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We have an application which uses a central database. Quite often it happens that some of the clients crashes, leaving zombies in the process table, which keeps the connection to the database. This creates problems during the nightly replication/backup process of the database.

I would like to centrally tell a specified set of workstation, some in-house and others on remote location, to run a command at a specified time that could do one of the things in the list below.

  • Run a TASKKILL command to remove the zoombie(s) from the process table.

  • if that does not help I could consider logging out the active session by force

  • Another thing we have discussed some time would be to shutdown the workstation to save energy which would also solve the problem. (The users don't appear to remember to shut down before going home)

Can this somehow be done through a Group Policy? Obviously we could set this up in the scheduler on the individual workstations, but that would not be practical. >200 wkstns across 4 countries.

We are on Windows 2003 servers and XP workstations connected in a company network.

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Yikes, this is a bit brutal for your clients. Can you not identify the connections to the database server and close them from the server? – squillman Aug 11 '09 at 15:55
Nope, not programatically. We have tried that first but there was no such support for that in the DB. It can be done from the GUI though. It is not really a problem since it should be performed late in the evening and no one would really be affected. At least in the first alternative. – GuHa Aug 11 '09 at 16:05
"some of the clients crashes, leaving zombies in the process table" what process table? if you're talking about stale connections to a database then set or change the idle timeout – stuart Brand Aug 11 '09 at 16:08
Agree with squillman ... closing connections really should be done server-side rather than client-side. Most DBMSs have a way to "quiesce" a database, which basically kills active connections and stops the listening. If you specify the DBMS we can likely tell you how to do it. – tomjedrz Aug 11 '09 at 16:10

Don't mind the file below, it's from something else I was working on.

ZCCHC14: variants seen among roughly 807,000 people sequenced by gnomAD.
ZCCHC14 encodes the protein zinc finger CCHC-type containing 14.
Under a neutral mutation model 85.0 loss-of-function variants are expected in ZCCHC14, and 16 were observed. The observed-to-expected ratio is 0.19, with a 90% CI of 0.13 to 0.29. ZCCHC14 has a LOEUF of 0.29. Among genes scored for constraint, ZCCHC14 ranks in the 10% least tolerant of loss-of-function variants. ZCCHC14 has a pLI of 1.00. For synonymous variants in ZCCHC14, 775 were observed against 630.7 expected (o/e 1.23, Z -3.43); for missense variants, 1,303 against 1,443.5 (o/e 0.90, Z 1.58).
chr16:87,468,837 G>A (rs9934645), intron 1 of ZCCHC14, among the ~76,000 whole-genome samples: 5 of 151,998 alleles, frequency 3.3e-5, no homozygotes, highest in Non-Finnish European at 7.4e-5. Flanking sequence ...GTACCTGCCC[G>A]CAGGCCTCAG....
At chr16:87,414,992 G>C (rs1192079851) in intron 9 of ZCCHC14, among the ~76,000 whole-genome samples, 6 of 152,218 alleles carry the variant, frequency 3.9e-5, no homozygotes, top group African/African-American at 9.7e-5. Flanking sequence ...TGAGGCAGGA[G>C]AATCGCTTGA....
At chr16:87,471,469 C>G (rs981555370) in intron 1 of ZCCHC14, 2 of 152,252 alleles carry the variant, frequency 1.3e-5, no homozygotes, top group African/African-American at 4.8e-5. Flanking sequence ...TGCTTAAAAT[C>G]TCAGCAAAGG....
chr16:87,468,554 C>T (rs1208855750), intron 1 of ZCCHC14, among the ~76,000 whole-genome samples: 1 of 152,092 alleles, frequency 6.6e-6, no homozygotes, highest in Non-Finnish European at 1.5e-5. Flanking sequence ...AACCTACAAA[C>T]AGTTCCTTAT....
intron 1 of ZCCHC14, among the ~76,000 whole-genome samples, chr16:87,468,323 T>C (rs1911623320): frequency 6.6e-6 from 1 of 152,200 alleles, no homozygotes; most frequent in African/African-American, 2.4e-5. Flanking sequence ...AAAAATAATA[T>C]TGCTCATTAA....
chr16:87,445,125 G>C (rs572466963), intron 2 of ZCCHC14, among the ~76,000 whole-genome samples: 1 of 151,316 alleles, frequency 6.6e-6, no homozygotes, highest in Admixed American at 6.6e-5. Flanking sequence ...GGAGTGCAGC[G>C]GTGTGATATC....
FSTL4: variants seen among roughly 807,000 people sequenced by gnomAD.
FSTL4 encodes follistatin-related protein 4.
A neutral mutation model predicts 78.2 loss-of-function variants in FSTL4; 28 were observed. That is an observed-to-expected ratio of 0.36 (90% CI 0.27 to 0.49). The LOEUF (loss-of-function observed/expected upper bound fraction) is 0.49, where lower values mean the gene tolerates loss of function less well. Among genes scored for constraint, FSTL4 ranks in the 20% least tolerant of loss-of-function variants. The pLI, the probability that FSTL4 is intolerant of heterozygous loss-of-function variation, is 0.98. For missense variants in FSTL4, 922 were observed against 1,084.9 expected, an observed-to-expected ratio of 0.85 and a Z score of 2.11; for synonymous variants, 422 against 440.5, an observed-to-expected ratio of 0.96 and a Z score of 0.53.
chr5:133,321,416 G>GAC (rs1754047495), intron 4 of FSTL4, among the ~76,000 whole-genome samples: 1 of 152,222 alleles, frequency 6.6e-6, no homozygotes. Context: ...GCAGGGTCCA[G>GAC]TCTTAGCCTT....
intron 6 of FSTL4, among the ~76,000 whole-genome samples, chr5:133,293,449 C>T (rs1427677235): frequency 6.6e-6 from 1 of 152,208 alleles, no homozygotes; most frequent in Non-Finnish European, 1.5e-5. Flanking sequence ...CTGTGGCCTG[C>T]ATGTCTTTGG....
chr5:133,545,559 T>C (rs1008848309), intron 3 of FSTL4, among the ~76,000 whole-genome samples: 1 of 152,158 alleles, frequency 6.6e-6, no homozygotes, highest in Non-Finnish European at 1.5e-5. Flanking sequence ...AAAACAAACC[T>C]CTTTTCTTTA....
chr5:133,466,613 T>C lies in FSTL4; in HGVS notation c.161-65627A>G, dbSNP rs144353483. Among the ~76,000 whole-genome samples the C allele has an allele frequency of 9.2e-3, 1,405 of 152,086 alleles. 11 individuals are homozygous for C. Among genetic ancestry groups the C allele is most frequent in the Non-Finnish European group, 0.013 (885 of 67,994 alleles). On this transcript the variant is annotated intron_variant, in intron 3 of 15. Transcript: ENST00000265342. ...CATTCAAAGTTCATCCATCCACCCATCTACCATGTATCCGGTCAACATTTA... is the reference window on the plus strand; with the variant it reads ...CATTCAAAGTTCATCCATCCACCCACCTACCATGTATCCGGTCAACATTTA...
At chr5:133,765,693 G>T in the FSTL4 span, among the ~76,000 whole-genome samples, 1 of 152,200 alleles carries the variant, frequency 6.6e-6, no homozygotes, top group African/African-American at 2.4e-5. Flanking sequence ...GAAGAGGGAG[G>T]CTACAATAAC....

I fully agree that aiming for the database is the correct approach. We have however not been able to do that. The database is Pervasive 7.51 – GuHa Aug 11 '09 at 16:14
up vote 1 down vote accepted

This can't really be done through Group Policy.

There are several ways to skin this cat. If it was me, I'd script the whole thing in VBScript. It would parse through a text file full of workstation hostnames, first killing the zombie process(es), and then forcing a logout. You could also make it shutdown the machine in question. However, I am not sure on your competency with VBScript so I'll just leave you with the idea.

What would probably be much easier is to make a batch file using some built-in Windows commands. This would involve use of these commands:

taskkill /S hostname /IM imagename /F /T

logoff [sessionid] /SERVER:hostname

shutdown /M hostname /F

You would then run this batchfile from anywhere and it would operate remotely on the machines in question.

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you can add scheduled tasks in script.

So one answer would be to write a script that adds a scheduled task, then rollout the script across all the workstations using group policy.

Another way would be to run a command using pstools. You can add multiple computer names to a command and save that in a batch file. This would mean listing them all once though.

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